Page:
Friday, November 1, 2013

The Fault in Our Stars

Title:  The Fault in Our Stars
Author:  John Green
Publication Information:  Dutton Books, Penguin Group USA. 2012. 318 pages.

Book Source:  I read this book based on all the publicity for the book.

Favorite Quote:  "Sometimes, you read a book and it fills you with this weird evangelical zeal, and you become convinced that the shattered world will never be put together unless and until all living humans read the book. And then there are books .... which you can't tell people about, books so special and rare and yours that advertising your affection seems like a betrayal."

Hazel is a teenager with terminal cancer. At the Cancer Kids Support Group, she meets another cancer patient Augustus Waters. Beyond that, this is a story about friendship and love where you know that tomorrow may not be. What would you do for someone you love if you knew that this day may be your last day to show them your love? It's not a question most people think about because we don't like to think that our time may be limited.

This book comes at this question from so many different directions. Hazel who knows what her diagnosis and her prognosis is. Hazel's parents who are facing one of the most devastating things a parent could ever face. Augustus who, based on his diagnosis, may have a better prognosis. Isaac whose disease is slowly taking away relationships and pieces of his life. Peter Van Houten, an author Hazel find inspirational, but who fights his own demons. The plot includes a wish, a road trip, some life lessons but nothing really unexpected.

For me, to some extent, the book suffered from its own success. With all the rave reviews and publicity, I had really high expectations. It's not a bad book; for me, it's just not as wonderful as all the rave reviews. It is sad and emotional, but it not not unlike many other books that have been written about people battling terminal illness.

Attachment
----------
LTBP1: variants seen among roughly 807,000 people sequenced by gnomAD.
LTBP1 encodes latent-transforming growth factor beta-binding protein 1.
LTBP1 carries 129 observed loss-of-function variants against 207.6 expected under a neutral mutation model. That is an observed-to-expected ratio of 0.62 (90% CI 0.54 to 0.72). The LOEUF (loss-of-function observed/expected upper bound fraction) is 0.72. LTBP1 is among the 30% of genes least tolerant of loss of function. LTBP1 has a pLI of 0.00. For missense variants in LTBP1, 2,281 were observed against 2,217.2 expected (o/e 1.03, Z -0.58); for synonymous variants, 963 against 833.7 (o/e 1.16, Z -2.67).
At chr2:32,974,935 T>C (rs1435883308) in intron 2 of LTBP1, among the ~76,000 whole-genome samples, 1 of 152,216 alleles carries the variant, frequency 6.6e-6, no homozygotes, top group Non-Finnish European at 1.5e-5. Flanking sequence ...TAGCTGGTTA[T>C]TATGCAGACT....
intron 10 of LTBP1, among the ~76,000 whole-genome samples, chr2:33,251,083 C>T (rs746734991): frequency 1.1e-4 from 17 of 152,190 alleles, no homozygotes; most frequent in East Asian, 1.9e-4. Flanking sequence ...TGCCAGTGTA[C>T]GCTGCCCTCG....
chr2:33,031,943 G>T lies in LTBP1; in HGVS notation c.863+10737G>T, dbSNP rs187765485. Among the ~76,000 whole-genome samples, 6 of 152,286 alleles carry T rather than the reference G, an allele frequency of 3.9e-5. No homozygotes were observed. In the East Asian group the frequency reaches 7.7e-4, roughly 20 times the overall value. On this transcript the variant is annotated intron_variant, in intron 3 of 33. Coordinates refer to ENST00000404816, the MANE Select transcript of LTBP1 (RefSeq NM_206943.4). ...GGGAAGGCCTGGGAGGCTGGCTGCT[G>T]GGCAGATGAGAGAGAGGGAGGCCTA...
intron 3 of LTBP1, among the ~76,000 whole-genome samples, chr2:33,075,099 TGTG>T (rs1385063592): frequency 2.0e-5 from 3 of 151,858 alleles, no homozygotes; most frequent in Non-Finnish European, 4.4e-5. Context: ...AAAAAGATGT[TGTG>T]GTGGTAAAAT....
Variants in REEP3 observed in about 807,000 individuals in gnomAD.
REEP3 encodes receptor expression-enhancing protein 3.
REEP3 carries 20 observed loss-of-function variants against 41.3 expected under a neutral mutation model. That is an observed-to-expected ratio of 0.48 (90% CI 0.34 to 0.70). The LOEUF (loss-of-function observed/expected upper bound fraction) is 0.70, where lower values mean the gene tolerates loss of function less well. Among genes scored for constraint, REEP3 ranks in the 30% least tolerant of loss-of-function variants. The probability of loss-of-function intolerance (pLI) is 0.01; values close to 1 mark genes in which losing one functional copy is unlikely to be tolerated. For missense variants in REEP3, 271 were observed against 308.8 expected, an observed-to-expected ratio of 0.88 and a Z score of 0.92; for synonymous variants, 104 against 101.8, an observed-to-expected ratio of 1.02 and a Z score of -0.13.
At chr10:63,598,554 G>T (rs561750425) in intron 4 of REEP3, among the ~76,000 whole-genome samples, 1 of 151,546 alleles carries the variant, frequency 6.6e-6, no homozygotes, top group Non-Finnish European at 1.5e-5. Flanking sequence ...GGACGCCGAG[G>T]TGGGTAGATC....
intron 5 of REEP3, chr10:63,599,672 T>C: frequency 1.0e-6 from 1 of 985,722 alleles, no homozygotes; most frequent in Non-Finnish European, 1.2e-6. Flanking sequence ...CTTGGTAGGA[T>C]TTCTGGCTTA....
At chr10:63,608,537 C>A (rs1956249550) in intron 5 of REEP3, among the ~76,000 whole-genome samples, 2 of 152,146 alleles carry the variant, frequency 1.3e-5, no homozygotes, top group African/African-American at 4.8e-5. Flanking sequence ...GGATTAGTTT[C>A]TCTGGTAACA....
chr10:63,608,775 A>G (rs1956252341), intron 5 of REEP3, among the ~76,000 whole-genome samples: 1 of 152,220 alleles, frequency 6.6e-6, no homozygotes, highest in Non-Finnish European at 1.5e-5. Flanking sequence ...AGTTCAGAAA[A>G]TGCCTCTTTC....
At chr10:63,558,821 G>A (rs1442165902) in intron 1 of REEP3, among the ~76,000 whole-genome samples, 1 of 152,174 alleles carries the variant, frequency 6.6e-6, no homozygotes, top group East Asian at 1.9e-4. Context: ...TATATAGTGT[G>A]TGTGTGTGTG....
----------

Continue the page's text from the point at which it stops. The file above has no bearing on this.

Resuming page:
1. This book is 'a big hit' here in Brasil now and I can say that the movie is highly expected too.
    So just like you I rushed into the reading so that I would not miss this talk about the so-called 'sick-lit' new gender.
    I had an idea about what to expect from the story and I can say I was not disappointed at all.
    But in short, I would say that I reccomend the book but not the author. Sorry to say but I don't feel like picking up anything else by John Green as a next reading.
    I got a feeling of some 'sarcasm' or 'acid humor' in some passages of the book that didn't really fit there like the friend who had his eye operated.
    That's not to say about the trip to Holand which sounded like the loveliest idea from Augustus as a gift to Hazel.
    I think it didn't have to sound all romantic and perfect but I had the feeling of seeing John Green in bursts of laugh as he was writing it like saying to us readers 'see what I will do now.'
    I hope the movie gets a bit of a 'romantic but realist view' of this beautiful story.

    1. This book is a huge hit here as well and the movie is highly anticipated. I have not heard the term "sick-lit" before but it applies to this book. This was my first John Green book. I am almost tempted to read another one to see if I can figure out what so strongly draws in his audience. I enjoyed this one, but was not blown away. I wonder if my reaction would be different to another one. Have you read any of his other books and found them to have the same tone?